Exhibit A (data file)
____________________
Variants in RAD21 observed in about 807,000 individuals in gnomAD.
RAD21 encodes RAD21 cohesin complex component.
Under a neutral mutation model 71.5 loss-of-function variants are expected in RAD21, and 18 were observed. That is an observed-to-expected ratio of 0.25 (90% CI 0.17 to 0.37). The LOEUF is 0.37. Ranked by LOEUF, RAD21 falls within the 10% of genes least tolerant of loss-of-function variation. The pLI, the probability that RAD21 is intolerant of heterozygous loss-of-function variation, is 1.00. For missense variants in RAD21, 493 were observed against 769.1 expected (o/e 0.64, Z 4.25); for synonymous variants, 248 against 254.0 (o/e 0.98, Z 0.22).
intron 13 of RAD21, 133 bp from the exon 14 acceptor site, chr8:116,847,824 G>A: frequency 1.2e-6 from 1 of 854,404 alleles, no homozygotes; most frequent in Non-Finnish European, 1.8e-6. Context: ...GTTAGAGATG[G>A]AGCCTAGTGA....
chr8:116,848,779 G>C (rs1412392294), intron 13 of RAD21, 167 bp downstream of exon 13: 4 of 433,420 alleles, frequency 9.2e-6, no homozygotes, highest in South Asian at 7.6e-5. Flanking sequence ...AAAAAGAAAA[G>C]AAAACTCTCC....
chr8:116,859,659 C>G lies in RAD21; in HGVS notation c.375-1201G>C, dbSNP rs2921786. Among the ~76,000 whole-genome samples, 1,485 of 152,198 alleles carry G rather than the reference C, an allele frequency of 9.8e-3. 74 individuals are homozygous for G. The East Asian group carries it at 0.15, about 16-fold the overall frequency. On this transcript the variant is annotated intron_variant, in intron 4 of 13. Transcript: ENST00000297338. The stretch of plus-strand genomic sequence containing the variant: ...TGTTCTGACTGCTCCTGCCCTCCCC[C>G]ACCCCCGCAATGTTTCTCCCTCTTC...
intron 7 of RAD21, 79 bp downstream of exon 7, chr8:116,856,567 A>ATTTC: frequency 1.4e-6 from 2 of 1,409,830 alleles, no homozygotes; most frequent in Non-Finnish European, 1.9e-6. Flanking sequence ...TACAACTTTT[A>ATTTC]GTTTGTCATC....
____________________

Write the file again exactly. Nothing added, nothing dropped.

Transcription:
Variants in RAD21 observed in about 807,000 individuals in gnomAD.
RAD21 encodes RAD21 cohesin complex component.
Under a neutral mutation model 71.5 loss-of-function variants are expected in RAD21, and 18 were observed. That is an observed-to-expected ratio of 0.25 (90% CI 0.17 to 0.37). The LOEUF is 0.37. Ranked by LOEUF, RAD21 falls within the 10% of genes least tolerant of loss-of-function variation. The pLI, the probability that RAD21 is intolerant of heterozygous loss-of-function variation, is 1.00. For missense variants in RAD21, 493 were observed against 769.1 expected (o/e 0.64, Z 4.25); for synonymous variants, 248 against 254.0 (o/e 0.98, Z 0.22).
intron 13 of RAD21, 133 bp from the exon 14 acceptor site, chr8:116,847,824 G>A: frequency 1.2e-6 from 1 of 854,404 alleles, no homozygotes; most frequent in Non-Finnish European, 1.8e-6. Context: ...GTTAGAGATG[G>A]AGCCTAGTGA....
chr8:116,848,779 G>C (rs1412392294), intron 13 of RAD21, 167 bp downstream of exon 13: 4 of 433,420 alleles, frequency 9.2e-6, no homozygotes, highest in South Asian at 7.6e-5. Flanking sequence ...AAAAAGAAAA[G>C]AAAACTCTCC....
chr8:116,859,659 C>G lies in RAD21; in HGVS notation c.375-1201G>C, dbSNP rs2921786. Among the ~76,000 whole-genome samples, 1,485 of 152,198 alleles carry G rather than the reference C, an allele frequency of 9.8e-3. 74 individuals are homozygous for G. The East Asian group carries it at 0.15, about 16-fold the overall frequency. On this transcript the variant is annotated intron_variant, in intron 4 of 13. Transcript: ENST00000297338. The stretch of plus-strand genomic sequence containing the variant: ...TGTTCTGACTGCTCCTGCCCTCCCC[C>G]ACCCCCGCAATGTTTCTCCCTCTTC...
intron 7 of RAD21, 79 bp downstream of exon 7, chr8:116,856,567 A>ATTTC: frequency 1.4e-6 from 2 of 1,409,830 alleles, no homozygotes; most frequent in Non-Finnish European, 1.9e-6. Flanking sequence ...TACAACTTTT[A>ATTTC]GTTTGTCATC....